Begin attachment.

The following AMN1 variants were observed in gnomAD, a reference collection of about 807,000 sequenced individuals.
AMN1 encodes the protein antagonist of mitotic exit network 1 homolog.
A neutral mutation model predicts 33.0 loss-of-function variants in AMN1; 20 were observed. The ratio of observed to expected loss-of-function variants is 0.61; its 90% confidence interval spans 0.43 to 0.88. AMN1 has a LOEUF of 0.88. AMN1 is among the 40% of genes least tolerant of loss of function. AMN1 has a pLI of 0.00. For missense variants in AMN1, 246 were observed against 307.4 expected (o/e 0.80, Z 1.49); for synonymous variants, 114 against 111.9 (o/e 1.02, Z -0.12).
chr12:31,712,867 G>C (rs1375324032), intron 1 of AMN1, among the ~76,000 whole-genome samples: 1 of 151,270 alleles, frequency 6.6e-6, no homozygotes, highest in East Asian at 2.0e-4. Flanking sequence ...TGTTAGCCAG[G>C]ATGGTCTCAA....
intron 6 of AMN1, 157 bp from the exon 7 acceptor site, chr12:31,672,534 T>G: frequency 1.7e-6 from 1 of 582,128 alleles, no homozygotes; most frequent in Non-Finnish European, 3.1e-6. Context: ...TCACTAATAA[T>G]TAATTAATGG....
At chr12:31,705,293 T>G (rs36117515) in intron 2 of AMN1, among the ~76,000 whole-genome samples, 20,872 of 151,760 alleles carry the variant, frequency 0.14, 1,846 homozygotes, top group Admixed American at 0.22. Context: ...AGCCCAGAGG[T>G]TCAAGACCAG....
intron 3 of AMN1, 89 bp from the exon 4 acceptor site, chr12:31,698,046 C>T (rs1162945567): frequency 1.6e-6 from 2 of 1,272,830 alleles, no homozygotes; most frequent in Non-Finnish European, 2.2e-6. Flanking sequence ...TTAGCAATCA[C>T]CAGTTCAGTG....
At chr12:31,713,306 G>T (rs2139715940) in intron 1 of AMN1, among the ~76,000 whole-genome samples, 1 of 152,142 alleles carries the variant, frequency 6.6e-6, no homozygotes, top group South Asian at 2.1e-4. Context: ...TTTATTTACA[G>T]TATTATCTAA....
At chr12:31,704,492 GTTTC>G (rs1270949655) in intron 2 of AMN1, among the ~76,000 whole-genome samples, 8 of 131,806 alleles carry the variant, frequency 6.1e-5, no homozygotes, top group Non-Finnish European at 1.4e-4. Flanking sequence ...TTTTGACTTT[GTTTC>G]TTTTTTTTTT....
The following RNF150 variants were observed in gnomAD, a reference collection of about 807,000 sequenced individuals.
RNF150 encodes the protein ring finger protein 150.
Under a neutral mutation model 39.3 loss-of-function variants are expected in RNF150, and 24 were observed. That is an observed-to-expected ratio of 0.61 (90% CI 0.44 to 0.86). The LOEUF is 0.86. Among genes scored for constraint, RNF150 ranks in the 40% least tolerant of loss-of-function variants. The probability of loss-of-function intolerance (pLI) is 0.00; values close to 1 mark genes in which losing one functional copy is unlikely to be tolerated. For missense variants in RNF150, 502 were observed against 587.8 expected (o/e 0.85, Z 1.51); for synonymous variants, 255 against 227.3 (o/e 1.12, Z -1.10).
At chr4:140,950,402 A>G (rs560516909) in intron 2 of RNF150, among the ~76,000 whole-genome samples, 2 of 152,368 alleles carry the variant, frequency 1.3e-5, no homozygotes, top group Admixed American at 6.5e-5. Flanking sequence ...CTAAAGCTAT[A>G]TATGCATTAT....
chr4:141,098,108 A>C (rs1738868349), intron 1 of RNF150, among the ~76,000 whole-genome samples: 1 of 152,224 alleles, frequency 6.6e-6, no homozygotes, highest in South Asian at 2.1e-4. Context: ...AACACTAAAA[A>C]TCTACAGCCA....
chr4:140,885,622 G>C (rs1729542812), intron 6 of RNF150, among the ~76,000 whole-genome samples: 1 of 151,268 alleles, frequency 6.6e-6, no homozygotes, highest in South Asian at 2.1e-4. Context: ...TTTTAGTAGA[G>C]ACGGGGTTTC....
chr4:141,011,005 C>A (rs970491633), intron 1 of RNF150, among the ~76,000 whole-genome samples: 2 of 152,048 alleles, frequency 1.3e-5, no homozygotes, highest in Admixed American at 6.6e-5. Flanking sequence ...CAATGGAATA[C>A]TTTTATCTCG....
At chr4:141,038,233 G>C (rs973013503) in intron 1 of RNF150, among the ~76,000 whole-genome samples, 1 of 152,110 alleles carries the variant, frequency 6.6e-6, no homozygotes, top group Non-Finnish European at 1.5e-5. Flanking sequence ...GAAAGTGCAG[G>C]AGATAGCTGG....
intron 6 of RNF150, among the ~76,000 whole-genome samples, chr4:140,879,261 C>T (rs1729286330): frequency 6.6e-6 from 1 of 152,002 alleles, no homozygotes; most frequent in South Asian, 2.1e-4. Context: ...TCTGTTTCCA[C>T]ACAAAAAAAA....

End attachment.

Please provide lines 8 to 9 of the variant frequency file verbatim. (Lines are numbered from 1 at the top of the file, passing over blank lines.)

At chr12:31,713,306 G>T (rs2139715940) in intron 1 of AMN1, among the ~76,000 whole-genome samples, 1 of 152,142 alleles carries the variant, frequency 6.6e-6, no homozygotes, top group South Asian at 2.1e-4. Context: ...TTTATTTACA[G>T]TATTATCTAA....
At chr12:31,704,492 GTTTC>G (rs1270949655) in intron 2 of AMN1, among the ~76,000 whole-genome samples, 8 of 131,806 alleles carry the variant, frequency 6.1e-5, no homozygotes, top group Non-Finnish European at 1.4e-4. Flanking sequence ...TTTTGACTTT[GTTTC>G]TTTTTTTTTT....